Rob Burrow Leeds Marathon (and Half Marathon) 2024 Race Report and Results

By: Brian Jenkins

Race Date: 12th May, 2024

Venue: Leeds, West Yorkshire

This is a relatively new event with its first running last year, and seeing as it is now my “local” road marathon, taking the title from the decidedly not local “Yorkshire Marathon” in York, although I was unable to make the 2023 event (due to a clash with a race that I had previously signed-up for), but things were looking good for 2024.

Those who took part in the inaugural race (in 2023) said that there were a few teething problems, especially with long queues at the bag drop in a stiflingly hot room within the stadium.

The race starts and finishes at the Headingley Rugby League Stadium in Leeds (like last year) and the bag drop was moved to the covered shade on the outskirts of the stadium (presumably as a result of feedback from runners).

The race village (and start) was some way away and navigation was complicated by the cricket stadium next door.

At the start the marathon runners were formed-up in 4 groups (based on self-declared estimated finish times). After a brief speech from Rugby League veteran Kevin Sinfield about sticking-by your friends and Motor Neurone Disease (with his former team-mate Rob Burrow in attendance), we were set-off in waves.

We headed towards Leeds City Centre and turned around heading for the countryside.

At 11 miles (after a decent downhill segment) there was a fairly flat out-and-back section providing a good look at (at various times) those ahead of us, and those behind.

The route then progressed to Otley, which previous runners of the race were quick to warn you about. As soon as we had cleared Otley Town Centre we were sent back in the direction of Headingley and (at mile 17) the uphill segment started (and lasted for about 3 miles).

At the top of the hill the crowds happily informed you that the worst was now behind you, and the rest of the race was mostly a series of gentle downhill slopes towards the finish.

The last few miles were interesting, as parts of the Marathon route (especially towards the end) were shared with that for the Half Marathon (whose runners had been set loose an hour after the Marathon start). On one hand this was good, towards the end of the marathon, the opportunity to do a decent bit of overtaking is a good morale booster (even with tired legs), even if the runners ahead are half-marathon runners aiming for a 3 hour finish. On the other hand, some half-marathoners walking several abreast made overtaking challenging, especially on sections that were half-open to vehicular traffic.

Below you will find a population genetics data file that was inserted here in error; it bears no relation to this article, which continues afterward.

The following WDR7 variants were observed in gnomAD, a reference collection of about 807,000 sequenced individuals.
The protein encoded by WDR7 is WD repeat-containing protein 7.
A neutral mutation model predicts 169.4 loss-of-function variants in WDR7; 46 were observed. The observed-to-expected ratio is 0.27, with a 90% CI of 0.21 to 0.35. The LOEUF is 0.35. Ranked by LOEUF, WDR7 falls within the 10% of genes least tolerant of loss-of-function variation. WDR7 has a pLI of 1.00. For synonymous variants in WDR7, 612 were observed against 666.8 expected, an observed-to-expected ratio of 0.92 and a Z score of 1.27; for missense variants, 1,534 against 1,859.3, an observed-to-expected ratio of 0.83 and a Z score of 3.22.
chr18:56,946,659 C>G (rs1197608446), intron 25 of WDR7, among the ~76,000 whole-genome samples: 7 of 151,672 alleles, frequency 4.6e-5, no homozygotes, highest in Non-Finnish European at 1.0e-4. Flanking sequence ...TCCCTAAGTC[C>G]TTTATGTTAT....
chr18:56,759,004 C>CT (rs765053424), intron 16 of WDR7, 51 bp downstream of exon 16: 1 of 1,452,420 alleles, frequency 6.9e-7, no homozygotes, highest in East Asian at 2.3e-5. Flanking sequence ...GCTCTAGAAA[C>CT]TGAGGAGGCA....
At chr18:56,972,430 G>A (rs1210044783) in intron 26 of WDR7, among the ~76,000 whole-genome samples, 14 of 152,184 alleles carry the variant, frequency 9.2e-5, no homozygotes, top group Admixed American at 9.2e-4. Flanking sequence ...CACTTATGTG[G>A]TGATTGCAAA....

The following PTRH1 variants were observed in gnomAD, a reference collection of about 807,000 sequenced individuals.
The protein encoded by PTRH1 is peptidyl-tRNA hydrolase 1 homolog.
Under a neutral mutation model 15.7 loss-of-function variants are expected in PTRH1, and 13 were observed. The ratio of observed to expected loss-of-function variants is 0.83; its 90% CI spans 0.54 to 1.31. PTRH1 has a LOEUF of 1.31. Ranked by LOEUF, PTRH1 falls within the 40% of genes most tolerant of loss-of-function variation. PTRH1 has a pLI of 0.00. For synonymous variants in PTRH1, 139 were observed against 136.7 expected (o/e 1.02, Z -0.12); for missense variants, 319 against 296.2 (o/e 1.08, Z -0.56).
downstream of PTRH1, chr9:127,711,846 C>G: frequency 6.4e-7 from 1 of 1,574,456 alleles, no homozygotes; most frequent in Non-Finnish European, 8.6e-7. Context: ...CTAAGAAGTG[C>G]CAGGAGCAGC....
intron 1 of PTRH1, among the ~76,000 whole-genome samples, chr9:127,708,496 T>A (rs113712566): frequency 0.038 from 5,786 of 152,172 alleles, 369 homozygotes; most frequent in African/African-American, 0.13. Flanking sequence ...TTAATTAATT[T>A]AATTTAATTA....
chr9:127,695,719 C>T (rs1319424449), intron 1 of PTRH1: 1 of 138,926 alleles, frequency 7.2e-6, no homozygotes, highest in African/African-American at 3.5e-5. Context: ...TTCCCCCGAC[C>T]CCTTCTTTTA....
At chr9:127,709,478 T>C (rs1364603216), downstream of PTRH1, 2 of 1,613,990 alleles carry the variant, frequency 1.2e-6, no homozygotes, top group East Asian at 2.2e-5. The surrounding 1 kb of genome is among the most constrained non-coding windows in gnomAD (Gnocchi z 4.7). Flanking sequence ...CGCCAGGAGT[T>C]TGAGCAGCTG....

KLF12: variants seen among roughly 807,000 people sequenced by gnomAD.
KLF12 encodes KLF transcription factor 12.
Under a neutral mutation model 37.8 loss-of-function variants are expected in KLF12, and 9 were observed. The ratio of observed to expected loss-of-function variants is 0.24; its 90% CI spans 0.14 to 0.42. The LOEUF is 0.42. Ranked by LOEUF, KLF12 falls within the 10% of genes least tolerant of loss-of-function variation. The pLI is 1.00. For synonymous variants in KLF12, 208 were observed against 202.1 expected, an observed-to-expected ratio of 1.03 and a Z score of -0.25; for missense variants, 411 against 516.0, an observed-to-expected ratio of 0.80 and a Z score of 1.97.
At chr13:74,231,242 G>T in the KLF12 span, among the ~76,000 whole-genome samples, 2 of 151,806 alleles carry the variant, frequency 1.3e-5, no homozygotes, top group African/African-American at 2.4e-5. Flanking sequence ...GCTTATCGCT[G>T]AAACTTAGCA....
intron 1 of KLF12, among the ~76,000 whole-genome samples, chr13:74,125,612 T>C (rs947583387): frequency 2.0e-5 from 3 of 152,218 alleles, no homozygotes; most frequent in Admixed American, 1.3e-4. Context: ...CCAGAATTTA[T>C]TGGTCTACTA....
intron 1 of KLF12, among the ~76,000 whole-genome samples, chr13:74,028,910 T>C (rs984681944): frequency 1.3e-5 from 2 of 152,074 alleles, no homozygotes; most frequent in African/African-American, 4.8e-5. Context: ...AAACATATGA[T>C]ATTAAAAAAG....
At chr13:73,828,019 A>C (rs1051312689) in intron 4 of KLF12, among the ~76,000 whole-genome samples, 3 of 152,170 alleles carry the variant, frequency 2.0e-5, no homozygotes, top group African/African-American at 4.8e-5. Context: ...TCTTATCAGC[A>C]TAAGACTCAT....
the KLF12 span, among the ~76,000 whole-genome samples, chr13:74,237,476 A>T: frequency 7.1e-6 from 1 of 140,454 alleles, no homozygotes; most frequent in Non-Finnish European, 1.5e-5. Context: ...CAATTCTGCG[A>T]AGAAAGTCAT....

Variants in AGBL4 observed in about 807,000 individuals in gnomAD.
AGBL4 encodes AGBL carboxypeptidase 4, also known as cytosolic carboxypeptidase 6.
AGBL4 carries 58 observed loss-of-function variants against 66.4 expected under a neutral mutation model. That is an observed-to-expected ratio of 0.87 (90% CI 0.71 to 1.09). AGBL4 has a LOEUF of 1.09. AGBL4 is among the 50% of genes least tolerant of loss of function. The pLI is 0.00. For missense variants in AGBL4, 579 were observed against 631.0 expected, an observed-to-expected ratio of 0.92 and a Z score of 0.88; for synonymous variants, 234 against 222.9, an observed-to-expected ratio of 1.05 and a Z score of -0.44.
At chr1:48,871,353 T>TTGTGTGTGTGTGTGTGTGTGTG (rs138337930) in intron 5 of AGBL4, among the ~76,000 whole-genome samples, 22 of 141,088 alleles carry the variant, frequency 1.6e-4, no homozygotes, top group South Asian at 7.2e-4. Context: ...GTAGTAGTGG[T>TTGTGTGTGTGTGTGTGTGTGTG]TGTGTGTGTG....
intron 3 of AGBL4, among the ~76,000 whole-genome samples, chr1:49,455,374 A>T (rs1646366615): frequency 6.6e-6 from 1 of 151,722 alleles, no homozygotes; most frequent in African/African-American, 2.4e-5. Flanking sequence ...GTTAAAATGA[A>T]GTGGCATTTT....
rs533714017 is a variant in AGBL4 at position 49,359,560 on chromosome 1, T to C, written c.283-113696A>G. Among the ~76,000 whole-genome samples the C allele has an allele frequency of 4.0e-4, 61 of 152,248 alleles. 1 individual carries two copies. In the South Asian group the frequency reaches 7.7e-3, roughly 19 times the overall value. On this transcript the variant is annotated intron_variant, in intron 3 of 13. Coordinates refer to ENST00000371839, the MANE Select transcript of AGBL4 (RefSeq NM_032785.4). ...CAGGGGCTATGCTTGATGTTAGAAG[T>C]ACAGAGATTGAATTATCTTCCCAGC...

We finished the race near where we started, on the rugby stadium pitch running track, with many supporters in the stands making for a good atmosphere and a warm welcome.

Once over the finish line and presented with our medals, we proceeded slowly into one of the stands to pick up our t-shirts. The narrow path to exit the race area was annoyingly stop-start (not particularly helpful when your legs had just run a marathon or half marathon).

Runners who had run the previous year as well said they said that the race organisation was better this year than it was in the previous year. I found the race volunteers to be genuinely keen to help, the salaried stadium staff considerably less so.

Ah yes, you say, but was it any good?

Well, the hill from miles 17 to 20 was challenging (but no more so than Ringinglow Road on the Sheffield Half Marathon, in my opinion) and navigation round the race village could be difficult at times (a familiar criticism of all those who have run the other Run-For-All organised marathon in York). On the other hand, the route was varied, the support from the people of Leeds was fulsome and the stadium finish made it all worth the effort. So, I would say “yes”.

The Marathon was won by Jack Sagar (Leeds City Athletic Club) in 2:25:42 and Melissah Gibson (Ealing Eagles Running Club) in 2:45:16 .

The Half Marathon was won by Jack Kelly (Harrogate Harriers & AC) in 1:11:43 and Faye Birkby (Pudsey Racers RC) in 1:21:43, and in the non-binary gender:  Johanna Quina in 2:12:16 .

Striders’ Results (Marathon):

Pos. Name Cat. Cat. Pos. Chip Time
298 Paul Hargreaves M40 84 03:24:55
425 Ollie Carlisle M40 119 03:31:58
573 Alexander Briggs MS 338 03:38:25
589 Giulia Neri F40 8 03:38:49
1153 Brian Jenkins M50 95 03:56:58
1159 Abigail Hickinbottom F40 30 03:58:05
1357 Andy Hinchliffe M60 17 03:58:27
3054 Melanie English F40 192 04:48:39
3297 Richard Adams MS 1519 04:55:45


Striders’ Results (Half Marathon):

Pos. Name Cat. Cat. Pos. Chip Time
1183 Karen Clark F60 2 01:52:30
1201 Matthew Hawker MS 724 01:47:37
1814 Victoria Johnson FS 239 02:01:45


Full Results (Marathon):

Full Results (Half Marathon):

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